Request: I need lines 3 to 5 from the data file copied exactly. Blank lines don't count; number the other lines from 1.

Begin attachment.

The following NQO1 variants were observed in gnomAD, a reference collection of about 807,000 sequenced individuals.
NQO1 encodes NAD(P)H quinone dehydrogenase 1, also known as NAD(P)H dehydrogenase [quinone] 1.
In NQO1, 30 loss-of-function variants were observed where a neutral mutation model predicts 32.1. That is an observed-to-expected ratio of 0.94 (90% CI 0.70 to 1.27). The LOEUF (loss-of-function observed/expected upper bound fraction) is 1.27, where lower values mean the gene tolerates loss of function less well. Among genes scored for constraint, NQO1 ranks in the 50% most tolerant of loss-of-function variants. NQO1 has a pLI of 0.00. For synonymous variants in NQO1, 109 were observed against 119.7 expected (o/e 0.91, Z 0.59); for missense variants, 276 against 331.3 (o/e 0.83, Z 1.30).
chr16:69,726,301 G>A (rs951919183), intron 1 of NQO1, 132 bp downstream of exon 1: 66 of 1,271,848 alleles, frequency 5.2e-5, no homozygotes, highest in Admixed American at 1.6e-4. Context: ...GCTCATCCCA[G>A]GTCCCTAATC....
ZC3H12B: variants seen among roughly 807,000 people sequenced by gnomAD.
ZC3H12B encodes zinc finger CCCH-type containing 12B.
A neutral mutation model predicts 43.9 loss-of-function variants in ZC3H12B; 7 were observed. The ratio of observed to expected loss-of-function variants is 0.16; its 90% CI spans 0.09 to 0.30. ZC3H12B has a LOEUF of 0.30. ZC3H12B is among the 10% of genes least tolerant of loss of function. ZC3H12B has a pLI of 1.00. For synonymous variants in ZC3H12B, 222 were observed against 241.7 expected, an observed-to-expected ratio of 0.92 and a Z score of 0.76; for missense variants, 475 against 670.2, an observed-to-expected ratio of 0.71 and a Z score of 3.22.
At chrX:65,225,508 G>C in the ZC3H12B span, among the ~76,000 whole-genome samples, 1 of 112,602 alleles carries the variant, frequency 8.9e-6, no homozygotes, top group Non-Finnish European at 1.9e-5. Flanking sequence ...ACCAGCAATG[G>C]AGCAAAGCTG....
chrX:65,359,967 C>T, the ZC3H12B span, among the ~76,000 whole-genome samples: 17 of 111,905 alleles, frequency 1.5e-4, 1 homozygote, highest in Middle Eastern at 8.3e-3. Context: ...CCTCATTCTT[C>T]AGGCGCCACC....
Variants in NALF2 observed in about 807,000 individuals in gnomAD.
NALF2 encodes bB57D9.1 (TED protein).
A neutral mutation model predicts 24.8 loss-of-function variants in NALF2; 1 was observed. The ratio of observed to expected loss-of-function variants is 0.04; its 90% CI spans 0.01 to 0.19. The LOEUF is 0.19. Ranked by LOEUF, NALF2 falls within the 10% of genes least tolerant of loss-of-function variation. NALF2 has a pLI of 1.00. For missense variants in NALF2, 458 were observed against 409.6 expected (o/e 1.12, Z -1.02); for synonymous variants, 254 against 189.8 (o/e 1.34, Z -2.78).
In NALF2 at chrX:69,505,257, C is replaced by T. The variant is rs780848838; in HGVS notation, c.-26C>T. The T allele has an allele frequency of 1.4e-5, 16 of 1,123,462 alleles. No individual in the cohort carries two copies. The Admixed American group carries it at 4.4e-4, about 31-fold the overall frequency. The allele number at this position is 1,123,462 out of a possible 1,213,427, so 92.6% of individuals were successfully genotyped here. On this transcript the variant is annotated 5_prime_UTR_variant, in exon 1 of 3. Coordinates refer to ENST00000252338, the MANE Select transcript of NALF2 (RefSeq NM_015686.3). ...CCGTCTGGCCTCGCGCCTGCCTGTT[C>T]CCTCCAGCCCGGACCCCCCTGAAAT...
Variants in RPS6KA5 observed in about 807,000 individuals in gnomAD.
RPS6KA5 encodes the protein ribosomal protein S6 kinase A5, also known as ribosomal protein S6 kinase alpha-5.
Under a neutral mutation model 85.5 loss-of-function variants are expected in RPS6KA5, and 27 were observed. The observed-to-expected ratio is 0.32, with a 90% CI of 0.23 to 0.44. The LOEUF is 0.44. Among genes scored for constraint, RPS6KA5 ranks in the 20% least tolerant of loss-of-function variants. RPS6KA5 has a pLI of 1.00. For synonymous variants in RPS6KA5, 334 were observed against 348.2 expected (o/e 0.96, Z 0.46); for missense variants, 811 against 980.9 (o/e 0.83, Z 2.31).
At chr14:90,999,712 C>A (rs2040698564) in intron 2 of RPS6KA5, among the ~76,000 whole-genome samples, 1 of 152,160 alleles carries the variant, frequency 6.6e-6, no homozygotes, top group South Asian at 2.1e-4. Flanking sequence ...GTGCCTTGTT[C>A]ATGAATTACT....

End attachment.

In NQO1, 30 loss-of-function variants were observed where a neutral mutation model predicts 32.1. That is an observed-to-expected ratio of 0.94 (90% CI 0.70 to 1.27). The LOEUF (loss-of-function observed/expected upper bound fraction) is 1.27, where lower values mean the gene tolerates loss of function less well. Among genes scored for constraint, NQO1 ranks in the 50% most tolerant of loss-of-function variants. NQO1 has a pLI of 0.00. For synonymous variants in NQO1, 109 were observed against 119.7 expected (o/e 0.91, Z 0.59); for missense variants, 276 against 331.3 (o/e 0.83, Z 1.30).
chr16:69,726,301 G>A (rs951919183), intron 1 of NQO1, 132 bp downstream of exon 1: 66 of 1,271,848 alleles, frequency 5.2e-5, no homozygotes, highest in Admixed American at 1.6e-4. Context: ...GCTCATCCCA[G>A]GTCCCTAATC....
ZC3H12B: variants seen among roughly 807,000 people sequenced by gnomAD.